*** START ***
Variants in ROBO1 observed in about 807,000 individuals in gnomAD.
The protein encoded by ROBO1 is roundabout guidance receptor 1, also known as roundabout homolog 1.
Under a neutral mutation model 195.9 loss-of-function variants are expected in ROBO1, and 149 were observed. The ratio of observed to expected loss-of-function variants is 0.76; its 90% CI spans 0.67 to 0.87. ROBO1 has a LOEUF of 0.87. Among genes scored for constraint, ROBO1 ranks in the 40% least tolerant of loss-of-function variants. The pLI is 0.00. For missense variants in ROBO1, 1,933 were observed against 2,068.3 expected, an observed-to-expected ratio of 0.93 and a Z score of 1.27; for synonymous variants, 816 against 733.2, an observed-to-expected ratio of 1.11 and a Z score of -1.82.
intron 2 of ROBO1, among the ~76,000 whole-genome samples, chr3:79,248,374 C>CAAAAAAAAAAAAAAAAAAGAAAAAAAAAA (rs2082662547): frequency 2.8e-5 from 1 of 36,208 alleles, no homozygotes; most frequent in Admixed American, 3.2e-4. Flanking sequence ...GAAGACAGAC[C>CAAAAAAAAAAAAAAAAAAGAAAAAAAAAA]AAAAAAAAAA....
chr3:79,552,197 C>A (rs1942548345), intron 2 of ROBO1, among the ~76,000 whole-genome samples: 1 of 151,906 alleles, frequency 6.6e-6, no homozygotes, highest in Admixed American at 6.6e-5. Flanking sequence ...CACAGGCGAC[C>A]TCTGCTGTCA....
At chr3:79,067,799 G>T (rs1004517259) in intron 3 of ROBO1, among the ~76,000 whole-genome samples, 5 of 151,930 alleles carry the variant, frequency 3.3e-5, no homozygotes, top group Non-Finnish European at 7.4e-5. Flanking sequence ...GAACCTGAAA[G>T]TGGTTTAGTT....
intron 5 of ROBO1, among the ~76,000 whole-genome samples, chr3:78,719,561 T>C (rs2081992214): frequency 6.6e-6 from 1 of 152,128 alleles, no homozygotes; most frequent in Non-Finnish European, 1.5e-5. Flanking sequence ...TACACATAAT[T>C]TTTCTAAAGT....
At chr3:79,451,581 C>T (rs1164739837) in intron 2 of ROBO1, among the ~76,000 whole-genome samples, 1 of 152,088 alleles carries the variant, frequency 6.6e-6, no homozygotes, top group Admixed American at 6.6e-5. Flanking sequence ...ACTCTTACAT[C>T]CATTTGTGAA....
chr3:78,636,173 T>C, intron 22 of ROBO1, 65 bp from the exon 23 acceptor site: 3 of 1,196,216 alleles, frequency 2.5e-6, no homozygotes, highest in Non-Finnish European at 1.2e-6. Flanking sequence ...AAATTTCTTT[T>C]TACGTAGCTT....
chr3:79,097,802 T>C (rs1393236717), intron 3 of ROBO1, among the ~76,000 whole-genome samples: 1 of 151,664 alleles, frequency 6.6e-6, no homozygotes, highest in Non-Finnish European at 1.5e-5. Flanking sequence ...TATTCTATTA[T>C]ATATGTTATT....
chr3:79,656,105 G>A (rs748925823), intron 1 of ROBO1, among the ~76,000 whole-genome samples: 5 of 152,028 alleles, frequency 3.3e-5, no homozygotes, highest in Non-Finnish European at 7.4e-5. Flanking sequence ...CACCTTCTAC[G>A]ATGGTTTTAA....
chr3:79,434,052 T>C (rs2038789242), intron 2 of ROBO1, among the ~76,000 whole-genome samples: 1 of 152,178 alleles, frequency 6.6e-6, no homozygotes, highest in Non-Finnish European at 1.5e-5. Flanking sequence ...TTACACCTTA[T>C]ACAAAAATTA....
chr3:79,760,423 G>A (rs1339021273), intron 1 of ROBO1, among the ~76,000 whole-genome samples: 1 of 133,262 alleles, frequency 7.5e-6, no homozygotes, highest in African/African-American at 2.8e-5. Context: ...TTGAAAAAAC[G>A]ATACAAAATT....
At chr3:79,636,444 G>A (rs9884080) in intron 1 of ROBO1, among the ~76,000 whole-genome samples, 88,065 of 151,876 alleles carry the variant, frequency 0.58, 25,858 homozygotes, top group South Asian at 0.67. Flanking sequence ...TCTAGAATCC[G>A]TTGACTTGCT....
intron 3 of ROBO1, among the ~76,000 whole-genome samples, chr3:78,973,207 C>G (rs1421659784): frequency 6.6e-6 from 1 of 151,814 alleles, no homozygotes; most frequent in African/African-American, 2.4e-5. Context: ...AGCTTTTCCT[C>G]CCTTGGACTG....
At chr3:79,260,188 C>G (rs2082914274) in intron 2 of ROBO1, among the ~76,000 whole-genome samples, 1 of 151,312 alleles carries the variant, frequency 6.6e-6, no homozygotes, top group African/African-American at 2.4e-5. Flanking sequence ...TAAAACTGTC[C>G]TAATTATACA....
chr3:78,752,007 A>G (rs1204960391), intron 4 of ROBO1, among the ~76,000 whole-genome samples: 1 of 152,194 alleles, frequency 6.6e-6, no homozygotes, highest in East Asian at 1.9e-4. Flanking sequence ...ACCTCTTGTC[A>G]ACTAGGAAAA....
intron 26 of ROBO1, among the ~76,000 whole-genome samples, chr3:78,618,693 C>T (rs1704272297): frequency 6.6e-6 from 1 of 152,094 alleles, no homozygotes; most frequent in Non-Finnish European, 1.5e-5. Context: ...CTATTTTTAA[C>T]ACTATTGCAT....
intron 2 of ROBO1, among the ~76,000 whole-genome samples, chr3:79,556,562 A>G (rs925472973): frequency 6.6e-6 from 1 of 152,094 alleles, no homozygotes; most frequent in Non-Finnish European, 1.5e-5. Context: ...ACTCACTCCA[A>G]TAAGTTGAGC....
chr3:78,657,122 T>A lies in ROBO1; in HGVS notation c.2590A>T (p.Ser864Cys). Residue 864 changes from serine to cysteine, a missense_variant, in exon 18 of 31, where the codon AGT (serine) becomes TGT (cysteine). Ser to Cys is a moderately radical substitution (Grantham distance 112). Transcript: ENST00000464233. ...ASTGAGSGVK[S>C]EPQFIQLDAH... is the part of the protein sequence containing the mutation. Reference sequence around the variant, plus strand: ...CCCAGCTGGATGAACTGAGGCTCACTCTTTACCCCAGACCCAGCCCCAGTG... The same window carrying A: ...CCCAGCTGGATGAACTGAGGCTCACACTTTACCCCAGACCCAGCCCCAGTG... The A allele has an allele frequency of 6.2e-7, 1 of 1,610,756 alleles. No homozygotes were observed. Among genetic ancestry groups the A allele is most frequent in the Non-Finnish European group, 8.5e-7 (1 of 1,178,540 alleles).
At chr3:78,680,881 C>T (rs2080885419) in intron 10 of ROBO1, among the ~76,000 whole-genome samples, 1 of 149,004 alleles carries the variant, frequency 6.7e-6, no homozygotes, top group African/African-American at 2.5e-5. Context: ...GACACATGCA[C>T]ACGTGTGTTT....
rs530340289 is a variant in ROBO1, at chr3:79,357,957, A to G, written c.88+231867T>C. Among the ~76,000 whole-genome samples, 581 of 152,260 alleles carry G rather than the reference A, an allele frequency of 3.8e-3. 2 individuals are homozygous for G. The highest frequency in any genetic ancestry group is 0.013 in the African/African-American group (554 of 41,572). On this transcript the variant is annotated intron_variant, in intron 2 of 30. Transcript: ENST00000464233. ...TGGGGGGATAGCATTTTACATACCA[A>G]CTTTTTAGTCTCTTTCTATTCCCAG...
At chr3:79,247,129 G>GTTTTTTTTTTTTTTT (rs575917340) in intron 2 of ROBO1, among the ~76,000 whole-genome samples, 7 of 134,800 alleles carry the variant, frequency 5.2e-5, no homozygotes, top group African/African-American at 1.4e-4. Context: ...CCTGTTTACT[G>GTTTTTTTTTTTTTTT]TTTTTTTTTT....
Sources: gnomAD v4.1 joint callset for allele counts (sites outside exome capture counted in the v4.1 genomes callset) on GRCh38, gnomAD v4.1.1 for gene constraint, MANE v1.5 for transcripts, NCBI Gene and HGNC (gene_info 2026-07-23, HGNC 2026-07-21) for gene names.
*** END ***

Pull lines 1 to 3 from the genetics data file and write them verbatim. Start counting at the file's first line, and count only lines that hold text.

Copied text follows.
Variants in ROBO1 observed in about 807,000 individuals in gnomAD.
The protein encoded by ROBO1 is roundabout guidance receptor 1, also known as roundabout homolog 1.
Under a neutral mutation model 195.9 loss-of-function variants are expected in ROBO1, and 149 were observed. The ratio of observed to expected loss-of-function variants is 0.76; its 90% CI spans 0.67 to 0.87. ROBO1 has a LOEUF of 0.87. Among genes scored for constraint, ROBO1 ranks in the 40% least tolerant of loss-of-function variants. The pLI is 0.00. For missense variants in ROBO1, 1,933 were observed against 2,068.3 expected, an observed-to-expected ratio of 0.93 and a Z score of 1.27; for synonymous variants, 816 against 733.2, an observed-to-expected ratio of 1.11 and a Z score of -1.82.